WHEELING - Count the West Virginia Department of Environmental Protection among those making strong objections to new federal regulations opponents say will make it impossible to build new coal-fired power plants in the future.
The DEP and the West Virginia Coal Association both submitted written comments to the federal Environmental Protection Agency concerning the new rules Friday, the last day the agency was accepting comments on the standards. Opponents of the rules, including the coal association and legislators such as Rep. David McKinley, R-Wheeling, and Sen. Joe Manchin, D-W.Va., argue the standards can't be met using existing technology and effectively bar the construction of additional generating units that burn coal.
"The nation cannot afford another policy blunder. ... A nation with an energy delivery and electrical system that is the envy of the world deserves better from its government," the coal association's letter states.
Fred Durham, acting director of the DEP's Division of Air Quality, said his agency is concerned that the EPA is moving forward with the new rules despite its own projection the rule will have a small impact on carbon dioxide emissions over the next eight years.
And Jeff Herholdt, director of the West Virginia Department of Commerce's Division of Energy, estimates the new rules will increase the average cost of electricity in West Virginia from 9 cents-per-kilowatt-hour to 15 cents.
"It has no quantifiable benefit, and we think that flies in the face of the Clean Air Act. ... If that rule goes final, there could be some potential surging electrical costs," Durham said. "Certainly that is a big problem and one that our governor is certainly concerned about."
West Virginia Coal Association President Bill Raney said the EPA is pushing forward with the new regulations despite failing to consider feasibility and cost in developing the rules, things he said the agency is required to do according to prior legal interpretations of the Clean Air Act.
The EPA is poised to issue tighter standards for existing power plants next month, and Raney now fears it will take action by the courts to prevent the rule from taking effect and having a devastating effect on his industry.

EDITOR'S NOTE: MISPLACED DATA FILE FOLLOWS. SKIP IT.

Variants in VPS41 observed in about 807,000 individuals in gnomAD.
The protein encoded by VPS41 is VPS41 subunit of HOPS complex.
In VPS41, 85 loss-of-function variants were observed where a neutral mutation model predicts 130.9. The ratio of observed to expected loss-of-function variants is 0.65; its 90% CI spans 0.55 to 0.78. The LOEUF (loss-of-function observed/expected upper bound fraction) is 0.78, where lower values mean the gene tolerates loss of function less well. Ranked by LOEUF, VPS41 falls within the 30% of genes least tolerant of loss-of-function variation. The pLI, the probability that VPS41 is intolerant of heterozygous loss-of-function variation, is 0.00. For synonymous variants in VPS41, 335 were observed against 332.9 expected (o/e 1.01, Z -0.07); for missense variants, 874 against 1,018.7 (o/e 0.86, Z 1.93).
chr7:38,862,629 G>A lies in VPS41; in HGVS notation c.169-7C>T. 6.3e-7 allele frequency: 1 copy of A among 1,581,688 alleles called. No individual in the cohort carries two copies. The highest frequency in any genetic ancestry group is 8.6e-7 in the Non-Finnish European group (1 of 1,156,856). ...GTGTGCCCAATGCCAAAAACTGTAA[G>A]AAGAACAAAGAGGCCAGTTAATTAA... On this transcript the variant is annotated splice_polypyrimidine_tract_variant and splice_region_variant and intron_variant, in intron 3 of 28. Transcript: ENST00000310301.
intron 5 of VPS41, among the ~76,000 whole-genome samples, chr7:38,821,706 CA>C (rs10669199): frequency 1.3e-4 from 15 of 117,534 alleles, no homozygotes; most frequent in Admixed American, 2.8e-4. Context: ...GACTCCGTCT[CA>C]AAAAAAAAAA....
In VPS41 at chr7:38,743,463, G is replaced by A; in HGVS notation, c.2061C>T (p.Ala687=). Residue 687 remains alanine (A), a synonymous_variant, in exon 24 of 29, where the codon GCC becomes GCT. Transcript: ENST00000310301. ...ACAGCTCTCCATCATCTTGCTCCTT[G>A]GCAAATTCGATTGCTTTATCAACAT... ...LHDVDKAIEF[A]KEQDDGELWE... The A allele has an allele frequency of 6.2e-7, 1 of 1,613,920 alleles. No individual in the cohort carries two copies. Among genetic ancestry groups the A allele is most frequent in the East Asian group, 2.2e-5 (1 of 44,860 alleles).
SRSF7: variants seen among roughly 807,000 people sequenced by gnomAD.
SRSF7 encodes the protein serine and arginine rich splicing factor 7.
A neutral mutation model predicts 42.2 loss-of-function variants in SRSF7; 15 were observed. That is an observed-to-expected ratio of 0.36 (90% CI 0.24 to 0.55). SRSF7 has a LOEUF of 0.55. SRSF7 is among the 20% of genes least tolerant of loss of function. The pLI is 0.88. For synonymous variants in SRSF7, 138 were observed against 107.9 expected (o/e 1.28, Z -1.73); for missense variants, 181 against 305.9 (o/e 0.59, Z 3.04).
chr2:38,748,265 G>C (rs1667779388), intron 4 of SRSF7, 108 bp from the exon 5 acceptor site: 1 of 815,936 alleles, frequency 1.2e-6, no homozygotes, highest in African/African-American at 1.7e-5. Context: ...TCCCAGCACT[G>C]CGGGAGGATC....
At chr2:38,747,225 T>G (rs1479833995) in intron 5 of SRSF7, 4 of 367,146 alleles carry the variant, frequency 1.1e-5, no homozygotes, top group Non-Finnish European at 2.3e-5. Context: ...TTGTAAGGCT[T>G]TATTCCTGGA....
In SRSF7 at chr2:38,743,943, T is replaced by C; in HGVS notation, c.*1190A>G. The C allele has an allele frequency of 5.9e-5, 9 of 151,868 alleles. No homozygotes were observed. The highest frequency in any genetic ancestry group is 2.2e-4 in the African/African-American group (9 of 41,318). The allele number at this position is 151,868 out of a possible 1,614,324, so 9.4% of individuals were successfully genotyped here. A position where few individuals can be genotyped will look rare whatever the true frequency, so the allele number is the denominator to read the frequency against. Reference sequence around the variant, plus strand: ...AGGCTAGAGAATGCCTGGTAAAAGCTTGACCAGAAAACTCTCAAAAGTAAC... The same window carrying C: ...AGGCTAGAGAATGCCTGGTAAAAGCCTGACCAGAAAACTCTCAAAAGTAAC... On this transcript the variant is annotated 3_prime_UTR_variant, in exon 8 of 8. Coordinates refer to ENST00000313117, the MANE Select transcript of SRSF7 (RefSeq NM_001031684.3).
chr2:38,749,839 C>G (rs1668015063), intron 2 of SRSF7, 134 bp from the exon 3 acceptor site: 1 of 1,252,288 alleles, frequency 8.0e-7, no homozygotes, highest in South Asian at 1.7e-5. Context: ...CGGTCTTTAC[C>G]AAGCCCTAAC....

"Anything that got in the way of where they were going with this ... (the EPA) just kind of disregarded and said they really don't have to explain it ... It's just a very helpless feeling here, and its affecting our people here," Raney said. "They're getting laid off. ... People who don't think there's a war on coal brought by this administration - and it's a war on Appalachia - they really need to sit down and look at the list of things, and this is the most recent and graphic of those."
Jeff Herholdt, director of the West Virginia Department of Commerce's Division of Energy, said other federal regulations have already forced the closure of three coal-fired power plants, with three more - including American Electric Power's Kammer Plant - soon to follow. Those plants represent about 14 percent of West Virginia's total generating capacity.
On a larger scale, he said, EPA regulations are expected to result in the elimination of 21,000 megawatt-hours of generating capacity throughout the 13-state service area of PJM Interconnection, which coordinates the electric grid in the region that includes West Virginia, Ohio and Pennsylvania. He expects only 8,000 megawatt-hours of capacity - 7,000 from natural gas and another 1,000 from renewable energy - to replace it.
That could have a major effect on the reliability of the area's power grid, Herholdt said.
"It's fine to have wind and solar but there's no way it can dependably and reliably provide you electricity 24 hours a day, seven days a week," Raney added. "And it's expensive. Without federal subsidies, you couldn't afford your electric bill."